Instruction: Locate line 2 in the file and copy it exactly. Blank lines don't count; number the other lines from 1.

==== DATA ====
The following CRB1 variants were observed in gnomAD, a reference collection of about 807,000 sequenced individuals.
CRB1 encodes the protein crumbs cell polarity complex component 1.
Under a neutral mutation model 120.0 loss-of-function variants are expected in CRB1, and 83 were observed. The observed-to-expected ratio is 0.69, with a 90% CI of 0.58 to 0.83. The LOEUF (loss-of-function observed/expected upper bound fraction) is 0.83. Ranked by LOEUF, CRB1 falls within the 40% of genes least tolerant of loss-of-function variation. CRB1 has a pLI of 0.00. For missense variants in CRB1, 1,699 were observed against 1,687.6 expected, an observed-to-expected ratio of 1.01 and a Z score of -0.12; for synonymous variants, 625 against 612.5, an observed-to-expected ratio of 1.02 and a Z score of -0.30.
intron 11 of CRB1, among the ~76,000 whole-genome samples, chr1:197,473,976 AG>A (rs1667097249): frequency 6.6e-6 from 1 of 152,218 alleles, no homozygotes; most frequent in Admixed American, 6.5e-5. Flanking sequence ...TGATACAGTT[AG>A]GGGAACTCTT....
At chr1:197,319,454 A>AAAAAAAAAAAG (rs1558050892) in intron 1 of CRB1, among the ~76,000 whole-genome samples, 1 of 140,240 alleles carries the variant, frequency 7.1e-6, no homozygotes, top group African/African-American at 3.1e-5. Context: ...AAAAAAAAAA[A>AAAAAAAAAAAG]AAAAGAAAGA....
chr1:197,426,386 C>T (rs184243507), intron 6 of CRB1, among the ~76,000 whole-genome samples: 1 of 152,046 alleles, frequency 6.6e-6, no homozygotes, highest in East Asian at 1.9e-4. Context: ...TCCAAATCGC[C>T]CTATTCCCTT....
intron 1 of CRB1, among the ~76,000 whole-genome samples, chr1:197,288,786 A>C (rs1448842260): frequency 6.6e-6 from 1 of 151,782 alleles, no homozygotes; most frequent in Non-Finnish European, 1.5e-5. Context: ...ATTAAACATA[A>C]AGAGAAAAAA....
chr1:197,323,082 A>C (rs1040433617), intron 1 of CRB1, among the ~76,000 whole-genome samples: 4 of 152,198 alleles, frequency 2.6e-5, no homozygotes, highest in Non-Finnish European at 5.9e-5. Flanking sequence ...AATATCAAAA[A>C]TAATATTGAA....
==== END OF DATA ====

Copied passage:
CRB1 encodes the protein crumbs cell polarity complex component 1.